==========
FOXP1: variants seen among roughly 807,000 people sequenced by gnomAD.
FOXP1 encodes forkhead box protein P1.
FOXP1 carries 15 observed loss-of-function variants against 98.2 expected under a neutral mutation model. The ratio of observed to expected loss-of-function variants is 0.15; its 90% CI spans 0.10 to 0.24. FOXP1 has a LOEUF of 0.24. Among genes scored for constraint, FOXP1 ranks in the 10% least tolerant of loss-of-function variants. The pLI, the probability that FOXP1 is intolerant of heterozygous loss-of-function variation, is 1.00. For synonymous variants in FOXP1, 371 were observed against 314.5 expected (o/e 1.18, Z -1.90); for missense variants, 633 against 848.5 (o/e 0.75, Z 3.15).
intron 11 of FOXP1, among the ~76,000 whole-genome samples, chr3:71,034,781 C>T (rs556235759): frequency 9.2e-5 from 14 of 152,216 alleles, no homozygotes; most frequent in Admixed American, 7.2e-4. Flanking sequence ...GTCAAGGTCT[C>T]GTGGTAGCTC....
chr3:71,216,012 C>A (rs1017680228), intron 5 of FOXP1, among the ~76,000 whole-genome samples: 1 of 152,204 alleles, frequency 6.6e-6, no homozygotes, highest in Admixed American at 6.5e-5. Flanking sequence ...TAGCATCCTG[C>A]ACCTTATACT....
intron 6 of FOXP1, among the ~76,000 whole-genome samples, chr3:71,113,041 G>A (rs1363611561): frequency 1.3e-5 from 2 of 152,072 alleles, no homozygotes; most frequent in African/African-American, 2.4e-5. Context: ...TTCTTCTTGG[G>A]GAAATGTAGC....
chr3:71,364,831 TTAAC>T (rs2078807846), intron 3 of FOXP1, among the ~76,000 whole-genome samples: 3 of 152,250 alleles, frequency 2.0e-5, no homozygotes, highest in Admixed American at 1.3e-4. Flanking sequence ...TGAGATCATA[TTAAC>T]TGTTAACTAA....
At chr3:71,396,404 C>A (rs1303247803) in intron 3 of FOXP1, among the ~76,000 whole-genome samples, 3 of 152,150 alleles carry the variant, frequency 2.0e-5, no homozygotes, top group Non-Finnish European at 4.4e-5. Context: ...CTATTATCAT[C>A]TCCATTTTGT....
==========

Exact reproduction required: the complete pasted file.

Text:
FOXP1: variants seen among roughly 807,000 people sequenced by gnomAD.
FOXP1 encodes forkhead box protein P1.
FOXP1 carries 15 observed loss-of-function variants against 98.2 expected under a neutral mutation model. The ratio of observed to expected loss-of-function variants is 0.15; its 90% CI spans 0.10 to 0.24. FOXP1 has a LOEUF of 0.24. Among genes scored for constraint, FOXP1 ranks in the 10% least tolerant of loss-of-function variants. The pLI, the probability that FOXP1 is intolerant of heterozygous loss-of-function variation, is 1.00. For synonymous variants in FOXP1, 371 were observed against 314.5 expected (o/e 1.18, Z -1.90); for missense variants, 633 against 848.5 (o/e 0.75, Z 3.15).
intron 11 of FOXP1, among the ~76,000 whole-genome samples, chr3:71,034,781 C>T (rs556235759): frequency 9.2e-5 from 14 of 152,216 alleles, no homozygotes; most frequent in Admixed American, 7.2e-4. Flanking sequence ...GTCAAGGTCT[C>T]GTGGTAGCTC....
chr3:71,216,012 C>A (rs1017680228), intron 5 of FOXP1, among the ~76,000 whole-genome samples: 1 of 152,204 alleles, frequency 6.6e-6, no homozygotes, highest in Admixed American at 6.5e-5. Flanking sequence ...TAGCATCCTG[C>A]ACCTTATACT....
intron 6 of FOXP1, among the ~76,000 whole-genome samples, chr3:71,113,041 G>A (rs1363611561): frequency 1.3e-5 from 2 of 152,072 alleles, no homozygotes; most frequent in African/African-American, 2.4e-5. Context: ...TTCTTCTTGG[G>A]GAAATGTAGC....
chr3:71,364,831 TTAAC>T (rs2078807846), intron 3 of FOXP1, among the ~76,000 whole-genome samples: 3 of 152,250 alleles, frequency 2.0e-5, no homozygotes, highest in Admixed American at 1.3e-4. Flanking sequence ...TGAGATCATA[TTAAC>T]TGTTAACTAA....
At chr3:71,396,404 C>A (rs1303247803) in intron 3 of FOXP1, among the ~76,000 whole-genome samples, 3 of 152,150 alleles carry the variant, frequency 2.0e-5, no homozygotes, top group Non-Finnish European at 4.4e-5. Context: ...CTATTATCAT[C>A]TCCATTTTGT....